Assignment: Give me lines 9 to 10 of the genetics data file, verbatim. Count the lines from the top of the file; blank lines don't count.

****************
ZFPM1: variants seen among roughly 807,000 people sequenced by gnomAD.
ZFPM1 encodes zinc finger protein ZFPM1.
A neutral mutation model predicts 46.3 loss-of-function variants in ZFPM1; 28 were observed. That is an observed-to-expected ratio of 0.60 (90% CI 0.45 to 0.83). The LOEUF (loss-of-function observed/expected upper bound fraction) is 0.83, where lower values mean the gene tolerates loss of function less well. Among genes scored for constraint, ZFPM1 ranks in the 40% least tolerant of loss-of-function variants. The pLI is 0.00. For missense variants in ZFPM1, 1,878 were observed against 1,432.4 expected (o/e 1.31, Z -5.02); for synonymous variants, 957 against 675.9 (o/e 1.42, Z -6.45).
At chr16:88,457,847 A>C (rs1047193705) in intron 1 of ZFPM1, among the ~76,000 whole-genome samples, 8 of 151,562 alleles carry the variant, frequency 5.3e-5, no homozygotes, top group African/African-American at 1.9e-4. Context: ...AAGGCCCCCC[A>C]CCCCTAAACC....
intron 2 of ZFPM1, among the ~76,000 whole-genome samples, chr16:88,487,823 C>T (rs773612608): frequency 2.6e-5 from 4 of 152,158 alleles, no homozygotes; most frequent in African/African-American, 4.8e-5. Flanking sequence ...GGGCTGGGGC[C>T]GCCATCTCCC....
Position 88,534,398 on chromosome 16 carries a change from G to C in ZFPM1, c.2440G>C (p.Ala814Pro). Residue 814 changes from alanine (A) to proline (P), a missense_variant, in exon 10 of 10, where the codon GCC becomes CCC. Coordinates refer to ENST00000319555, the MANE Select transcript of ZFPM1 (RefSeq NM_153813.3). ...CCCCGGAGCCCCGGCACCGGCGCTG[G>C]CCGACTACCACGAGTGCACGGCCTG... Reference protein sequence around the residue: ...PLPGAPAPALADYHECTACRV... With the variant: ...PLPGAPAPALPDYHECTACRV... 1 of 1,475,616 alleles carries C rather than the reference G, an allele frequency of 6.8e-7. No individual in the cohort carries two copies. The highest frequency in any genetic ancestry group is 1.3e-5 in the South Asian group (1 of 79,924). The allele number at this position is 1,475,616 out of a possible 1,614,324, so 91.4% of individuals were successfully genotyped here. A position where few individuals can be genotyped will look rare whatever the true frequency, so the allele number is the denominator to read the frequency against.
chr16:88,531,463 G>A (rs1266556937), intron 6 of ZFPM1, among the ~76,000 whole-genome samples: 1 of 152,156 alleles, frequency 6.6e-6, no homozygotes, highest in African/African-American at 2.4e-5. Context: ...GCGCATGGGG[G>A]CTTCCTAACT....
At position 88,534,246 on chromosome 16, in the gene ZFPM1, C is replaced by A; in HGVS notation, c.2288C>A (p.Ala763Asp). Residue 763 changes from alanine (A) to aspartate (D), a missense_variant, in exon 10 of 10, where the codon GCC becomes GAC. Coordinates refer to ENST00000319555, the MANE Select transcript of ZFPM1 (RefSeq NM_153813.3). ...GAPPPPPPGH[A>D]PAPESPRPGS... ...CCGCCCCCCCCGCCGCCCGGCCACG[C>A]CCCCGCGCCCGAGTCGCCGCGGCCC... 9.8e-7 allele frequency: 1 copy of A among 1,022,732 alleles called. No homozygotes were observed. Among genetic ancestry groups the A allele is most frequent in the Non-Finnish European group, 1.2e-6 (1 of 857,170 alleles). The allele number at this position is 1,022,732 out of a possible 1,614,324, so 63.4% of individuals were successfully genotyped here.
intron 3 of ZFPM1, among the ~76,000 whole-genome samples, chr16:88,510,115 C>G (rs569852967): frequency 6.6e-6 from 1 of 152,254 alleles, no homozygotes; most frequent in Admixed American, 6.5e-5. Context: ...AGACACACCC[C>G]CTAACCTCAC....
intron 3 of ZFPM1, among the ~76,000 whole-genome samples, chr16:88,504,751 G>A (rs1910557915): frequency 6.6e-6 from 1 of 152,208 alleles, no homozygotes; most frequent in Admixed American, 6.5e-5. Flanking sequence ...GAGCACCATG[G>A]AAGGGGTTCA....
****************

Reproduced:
intron 3 of ZFPM1, among the ~76,000 whole-genome samples, chr16:88,510,115 C>G (rs569852967): frequency 6.6e-6 from 1 of 152,254 alleles, no homozygotes; most frequent in Admixed American, 6.5e-5. Context: ...AGACACACCC[C>G]CTAACCTCAC....
intron 3 of ZFPM1, among the ~76,000 whole-genome samples, chr16:88,504,751 G>A (rs1910557915): frequency 6.6e-6 from 1 of 152,208 alleles, no homozygotes; most frequent in Admixed American, 6.5e-5. Flanking sequence ...GAGCACCATG[G>A]AAGGGGTTCA....